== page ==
"All things being equal," the Sonics' chairman says, "I really wanted to stay here. I really did."
By "here" he means Seattle, where the Sonics have resided since 1967. He says it was not his intention to move the franchise to his home, Oklahoma City, which, considering his use of the past tense of the verb "want," now seems likely.
I had never met Bennett before our recent interview, so I didn't know whether to believe him. But individuals within the Sonics' organization I've known for a while -- and trusted for as long as I've known them -- swear that he is telling the truth. General manager
Based on those testimonies and a few others, then, I'm going to take Bennett at his word.
Certainly no one doubts Bennett on this point: He
So, let's review. Bennett bought the team intending to stay in Seattle. But he wouldn't stay in Seattle as long as the team played in what he considers an outdated, impossible-to-turn-a-profit KeyArena, which lacks, in his words, "premium seating, corporate suites, entertainment amenities, suites, loges suites, any configuration of premium product that extracts the higher market."
It's difficult to comprehend that a businessman as astute as Bennett, who made a fortune with Dorchester Capital, a private investment company, would believe that he has a deal for a new arena when he does not.
But there's the rub: Bennett never believed he had an arena deal -- rather, he believed he had the
Where "leverage" ends and "threat" begins is hard to say, of course.
"I misjudged the political climate, even given a very passionate corps of fans," Bennett says. "I misjudged the lack of broad public support for public money to invest in an arena."
There is little doubt, too, that the Bennett team made some public relations gaffes along the way, as when his partner and minority owner
Bennett and his team are also hypersensitive to any hint that Oklahoma City is not an NBA market. It seems like a reasonable point to bring up, even given the city's solid performance in hosting the Katrina-ravaged New Orleans Hornets, but they don't want you to bring it up.
"Basically, I disagree with the premise of your question," he said when I asked him whether OKC would be OK with the NBA. "You're coming at it from the perspective that Oklahoma City is necessarily an inferior market."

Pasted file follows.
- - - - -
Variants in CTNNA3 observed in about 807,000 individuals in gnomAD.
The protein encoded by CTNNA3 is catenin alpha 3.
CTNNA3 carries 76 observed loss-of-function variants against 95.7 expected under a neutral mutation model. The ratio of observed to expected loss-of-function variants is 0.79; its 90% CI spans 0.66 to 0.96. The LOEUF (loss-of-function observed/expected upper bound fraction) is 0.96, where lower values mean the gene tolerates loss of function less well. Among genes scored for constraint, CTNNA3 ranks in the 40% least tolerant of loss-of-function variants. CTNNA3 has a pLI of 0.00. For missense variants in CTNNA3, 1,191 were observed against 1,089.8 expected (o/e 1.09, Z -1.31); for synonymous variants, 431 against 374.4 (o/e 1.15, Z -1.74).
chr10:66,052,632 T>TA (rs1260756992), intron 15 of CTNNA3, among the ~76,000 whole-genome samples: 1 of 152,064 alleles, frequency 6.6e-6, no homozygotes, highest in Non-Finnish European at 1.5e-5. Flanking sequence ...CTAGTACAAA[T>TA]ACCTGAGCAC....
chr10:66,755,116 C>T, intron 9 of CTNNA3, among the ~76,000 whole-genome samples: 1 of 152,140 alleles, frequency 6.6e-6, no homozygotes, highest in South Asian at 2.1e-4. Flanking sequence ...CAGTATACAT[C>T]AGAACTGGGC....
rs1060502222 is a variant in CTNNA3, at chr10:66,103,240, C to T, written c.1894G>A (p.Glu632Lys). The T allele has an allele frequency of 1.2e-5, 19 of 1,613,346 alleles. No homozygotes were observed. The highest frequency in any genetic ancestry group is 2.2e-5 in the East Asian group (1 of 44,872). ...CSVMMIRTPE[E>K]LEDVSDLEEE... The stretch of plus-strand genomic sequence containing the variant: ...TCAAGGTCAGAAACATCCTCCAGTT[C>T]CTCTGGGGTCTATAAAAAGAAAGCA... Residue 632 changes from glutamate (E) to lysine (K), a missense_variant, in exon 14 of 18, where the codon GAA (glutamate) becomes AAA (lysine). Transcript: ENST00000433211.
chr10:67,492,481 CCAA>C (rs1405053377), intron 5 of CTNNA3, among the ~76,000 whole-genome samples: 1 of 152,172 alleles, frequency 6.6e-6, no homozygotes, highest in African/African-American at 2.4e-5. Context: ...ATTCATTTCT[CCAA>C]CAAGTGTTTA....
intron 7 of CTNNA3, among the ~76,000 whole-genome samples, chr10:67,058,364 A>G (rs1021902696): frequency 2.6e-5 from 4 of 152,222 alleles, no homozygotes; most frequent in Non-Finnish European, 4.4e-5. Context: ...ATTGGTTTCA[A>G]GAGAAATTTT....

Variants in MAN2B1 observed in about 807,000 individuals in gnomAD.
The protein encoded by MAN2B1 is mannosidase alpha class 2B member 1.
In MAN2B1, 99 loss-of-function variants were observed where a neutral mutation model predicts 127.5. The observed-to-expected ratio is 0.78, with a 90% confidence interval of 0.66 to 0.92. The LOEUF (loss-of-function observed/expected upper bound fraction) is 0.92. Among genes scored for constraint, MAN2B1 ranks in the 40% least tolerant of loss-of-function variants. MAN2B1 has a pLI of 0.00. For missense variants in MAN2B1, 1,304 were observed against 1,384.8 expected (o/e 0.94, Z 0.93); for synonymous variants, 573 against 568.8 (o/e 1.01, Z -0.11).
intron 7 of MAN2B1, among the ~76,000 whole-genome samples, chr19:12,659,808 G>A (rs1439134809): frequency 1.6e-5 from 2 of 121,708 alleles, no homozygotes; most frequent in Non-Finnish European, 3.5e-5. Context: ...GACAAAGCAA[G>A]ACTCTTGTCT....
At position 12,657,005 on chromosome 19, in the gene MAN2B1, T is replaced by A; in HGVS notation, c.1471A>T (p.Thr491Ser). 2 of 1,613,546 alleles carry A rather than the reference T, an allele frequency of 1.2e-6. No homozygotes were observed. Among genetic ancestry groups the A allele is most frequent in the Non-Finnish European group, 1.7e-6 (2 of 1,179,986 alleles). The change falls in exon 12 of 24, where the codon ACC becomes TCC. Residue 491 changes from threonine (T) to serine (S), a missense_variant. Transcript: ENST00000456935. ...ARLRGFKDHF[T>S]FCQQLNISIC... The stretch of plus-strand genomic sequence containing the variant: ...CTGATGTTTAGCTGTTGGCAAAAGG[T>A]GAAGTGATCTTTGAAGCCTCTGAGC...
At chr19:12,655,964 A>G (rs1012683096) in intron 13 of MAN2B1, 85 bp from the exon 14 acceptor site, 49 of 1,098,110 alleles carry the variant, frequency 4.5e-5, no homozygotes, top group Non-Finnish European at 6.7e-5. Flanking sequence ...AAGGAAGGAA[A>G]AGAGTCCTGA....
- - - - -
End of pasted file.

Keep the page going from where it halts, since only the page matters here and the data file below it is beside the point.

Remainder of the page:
Actually, it was neither premise nor perspective -- it was a question. Bennett went on to laud Seattle --
"It's been my experience -- and I am new -- that how players spend their days is really focused around the game, how they connect with each other, how the coaches connect with them," Bennett says. "That is ultimately much more important than
Right now, the comments of the Sonics' primary young investment, rookie swingman
That's the way he should be thinking. He has too much on his mind (Seattle's 0-5 start for one thing) to deal with the distraction of relocation. But there is a whole layer of other people -- families, agents, endorsement reps -- who are concerned with where a player is playing. And, ultimately, veteran players care very much where they play.
Add all this up and it seems like the Sonics are goners, either after this season (if Bennett has his way and is able to break the lease) or after the 2010 season (when the team is contractually able to bolt). But because Bennett is a man of his word (so I'm told) and says he really wants to stay, and because the city fathers and the fans want the Sonics to stay, I have to believe there's a chance they will stay. Perhaps the city will give in to the idea of building an arena when the moving trucks, all bearing Oklahoma license plates, are backed up to the Furtado Center. At this point, that's what it might take.